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Definition - What does Enantiomers mean?

Enantiomers are a set of two molecules that each feature a central atom joined by four distinct/groups(s) of atoms that project a mirror image of themselves with no plane of symmetry. The chiral center is the bond where each molecule does not match or overlap with its counterpart. Enantiomers can deflect light rays based on a set of molecules with the same chiral compound reflected in a mirror plane.

SureHire explains Enantiomers

Enantiomers fall under a class of molecules called stereoisomers. While these compounds feature the same number of atoms between sets of molecules, their chiral centers can reflect two substances with a similar makeup. The drug methamphetamine is a good example. The enantiomers that give their chiral compound base fall into two distinct molecules known as D and L isomers. They differ by their spatial vector or dimensions apart from each other, which gives the enantiomers of the substance its mirror image. Lab testing methods can pose a challenge to cross-analyze legal and illicit forms of the parent drug. To that end, a D/L isomer test relies on the chemical breakdown of the drug compound, which will reveal the enantiomers or pairs of molecules to compare the difference.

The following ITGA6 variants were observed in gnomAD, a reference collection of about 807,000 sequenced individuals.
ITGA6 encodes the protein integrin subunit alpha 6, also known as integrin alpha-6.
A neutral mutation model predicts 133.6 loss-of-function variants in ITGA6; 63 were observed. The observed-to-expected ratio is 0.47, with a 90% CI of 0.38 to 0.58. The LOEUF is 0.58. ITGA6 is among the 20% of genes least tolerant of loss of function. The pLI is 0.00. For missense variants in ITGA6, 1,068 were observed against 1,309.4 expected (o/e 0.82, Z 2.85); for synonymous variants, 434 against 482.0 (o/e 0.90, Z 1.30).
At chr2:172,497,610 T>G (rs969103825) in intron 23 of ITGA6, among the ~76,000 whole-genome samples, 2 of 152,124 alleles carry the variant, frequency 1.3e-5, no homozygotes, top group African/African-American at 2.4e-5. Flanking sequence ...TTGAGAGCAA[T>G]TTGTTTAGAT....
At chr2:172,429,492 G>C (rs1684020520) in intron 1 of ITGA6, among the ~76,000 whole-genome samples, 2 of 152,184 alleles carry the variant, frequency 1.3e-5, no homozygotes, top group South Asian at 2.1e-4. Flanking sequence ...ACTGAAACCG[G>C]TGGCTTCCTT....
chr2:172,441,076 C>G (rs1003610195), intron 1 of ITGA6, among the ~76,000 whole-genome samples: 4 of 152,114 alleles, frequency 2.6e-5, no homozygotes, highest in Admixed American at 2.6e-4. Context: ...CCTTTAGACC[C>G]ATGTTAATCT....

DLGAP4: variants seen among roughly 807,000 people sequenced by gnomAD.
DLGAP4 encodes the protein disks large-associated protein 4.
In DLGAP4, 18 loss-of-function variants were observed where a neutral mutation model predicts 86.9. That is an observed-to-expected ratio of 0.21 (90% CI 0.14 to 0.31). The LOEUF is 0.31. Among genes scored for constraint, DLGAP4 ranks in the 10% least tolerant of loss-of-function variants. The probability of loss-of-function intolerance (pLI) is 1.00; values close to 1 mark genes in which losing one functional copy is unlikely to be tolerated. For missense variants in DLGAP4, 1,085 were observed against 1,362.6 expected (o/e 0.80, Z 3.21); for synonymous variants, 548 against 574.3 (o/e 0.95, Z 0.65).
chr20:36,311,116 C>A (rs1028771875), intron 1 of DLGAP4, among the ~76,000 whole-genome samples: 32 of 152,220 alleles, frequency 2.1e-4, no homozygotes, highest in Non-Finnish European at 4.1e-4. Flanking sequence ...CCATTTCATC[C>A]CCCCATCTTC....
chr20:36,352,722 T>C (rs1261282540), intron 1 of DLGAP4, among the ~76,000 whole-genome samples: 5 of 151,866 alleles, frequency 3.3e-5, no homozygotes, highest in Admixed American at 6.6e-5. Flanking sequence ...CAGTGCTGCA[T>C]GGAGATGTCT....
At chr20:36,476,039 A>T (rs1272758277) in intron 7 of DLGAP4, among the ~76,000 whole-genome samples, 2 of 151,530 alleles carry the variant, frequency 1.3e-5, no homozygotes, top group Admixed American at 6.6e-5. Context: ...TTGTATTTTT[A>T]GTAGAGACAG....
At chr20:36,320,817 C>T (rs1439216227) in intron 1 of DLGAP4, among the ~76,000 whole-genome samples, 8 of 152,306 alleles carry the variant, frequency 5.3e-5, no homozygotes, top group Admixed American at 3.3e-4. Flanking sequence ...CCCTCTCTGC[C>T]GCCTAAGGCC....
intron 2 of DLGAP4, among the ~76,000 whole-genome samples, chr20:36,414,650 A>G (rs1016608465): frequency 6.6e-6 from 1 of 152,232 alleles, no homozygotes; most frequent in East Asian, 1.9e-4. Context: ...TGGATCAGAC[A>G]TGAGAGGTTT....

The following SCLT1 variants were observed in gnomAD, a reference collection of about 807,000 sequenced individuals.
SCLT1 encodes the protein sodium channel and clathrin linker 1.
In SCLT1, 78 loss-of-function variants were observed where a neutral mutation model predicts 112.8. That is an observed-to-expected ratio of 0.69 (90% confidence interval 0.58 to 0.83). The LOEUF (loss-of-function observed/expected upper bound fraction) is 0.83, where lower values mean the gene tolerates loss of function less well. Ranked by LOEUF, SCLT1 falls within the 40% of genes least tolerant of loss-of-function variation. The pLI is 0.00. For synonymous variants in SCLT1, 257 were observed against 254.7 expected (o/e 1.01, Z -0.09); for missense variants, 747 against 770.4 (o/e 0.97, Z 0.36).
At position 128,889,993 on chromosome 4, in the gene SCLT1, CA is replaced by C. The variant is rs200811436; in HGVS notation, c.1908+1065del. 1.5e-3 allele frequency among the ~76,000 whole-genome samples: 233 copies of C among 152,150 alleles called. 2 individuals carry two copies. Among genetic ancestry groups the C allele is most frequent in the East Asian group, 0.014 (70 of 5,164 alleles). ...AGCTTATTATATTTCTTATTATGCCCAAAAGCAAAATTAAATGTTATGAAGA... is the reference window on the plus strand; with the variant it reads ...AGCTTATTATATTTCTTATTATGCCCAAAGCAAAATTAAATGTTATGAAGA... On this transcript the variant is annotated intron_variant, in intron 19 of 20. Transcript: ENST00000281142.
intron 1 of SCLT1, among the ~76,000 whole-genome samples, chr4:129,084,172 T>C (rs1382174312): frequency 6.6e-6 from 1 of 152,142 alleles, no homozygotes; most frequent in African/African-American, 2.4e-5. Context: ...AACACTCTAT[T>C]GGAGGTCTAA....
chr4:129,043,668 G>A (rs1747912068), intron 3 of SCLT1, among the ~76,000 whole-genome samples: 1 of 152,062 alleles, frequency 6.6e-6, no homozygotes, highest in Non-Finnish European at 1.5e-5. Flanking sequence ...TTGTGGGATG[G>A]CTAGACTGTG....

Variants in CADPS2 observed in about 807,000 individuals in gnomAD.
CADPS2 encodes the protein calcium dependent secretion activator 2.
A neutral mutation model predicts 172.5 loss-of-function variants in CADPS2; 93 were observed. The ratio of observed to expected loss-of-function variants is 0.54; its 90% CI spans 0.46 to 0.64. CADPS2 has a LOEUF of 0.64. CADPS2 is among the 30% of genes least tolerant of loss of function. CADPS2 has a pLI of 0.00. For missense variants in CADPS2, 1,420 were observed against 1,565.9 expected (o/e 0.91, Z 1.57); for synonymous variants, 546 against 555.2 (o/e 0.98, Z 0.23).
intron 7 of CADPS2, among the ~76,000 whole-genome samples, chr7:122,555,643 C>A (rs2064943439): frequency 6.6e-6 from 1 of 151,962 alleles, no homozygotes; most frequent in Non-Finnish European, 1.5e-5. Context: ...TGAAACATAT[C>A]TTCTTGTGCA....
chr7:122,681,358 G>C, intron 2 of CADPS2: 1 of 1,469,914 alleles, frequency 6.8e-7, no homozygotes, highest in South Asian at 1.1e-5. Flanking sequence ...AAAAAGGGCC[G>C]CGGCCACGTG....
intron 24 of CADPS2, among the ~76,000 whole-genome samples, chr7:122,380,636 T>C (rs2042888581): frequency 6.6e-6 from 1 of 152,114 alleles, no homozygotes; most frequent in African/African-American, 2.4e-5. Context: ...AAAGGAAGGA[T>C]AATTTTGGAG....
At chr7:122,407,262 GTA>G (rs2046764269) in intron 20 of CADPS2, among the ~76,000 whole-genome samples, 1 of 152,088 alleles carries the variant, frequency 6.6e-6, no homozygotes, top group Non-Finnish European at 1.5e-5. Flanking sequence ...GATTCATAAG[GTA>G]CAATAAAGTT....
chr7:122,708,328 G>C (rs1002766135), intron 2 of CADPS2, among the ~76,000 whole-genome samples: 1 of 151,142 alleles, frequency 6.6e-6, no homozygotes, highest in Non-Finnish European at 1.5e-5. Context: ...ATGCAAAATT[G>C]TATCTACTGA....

Though a simple urine sample can detect drug metabolites in the system, it lacks uniform metrics to clear the test subject of suspected drug use. In a methamphetamine case, a D/L isomer test will quantify the enantiomers of each set of molecules to verify if the patient uses a prescription or illicit form of the drug. This approach can help dismiss a false positive case from the mix.

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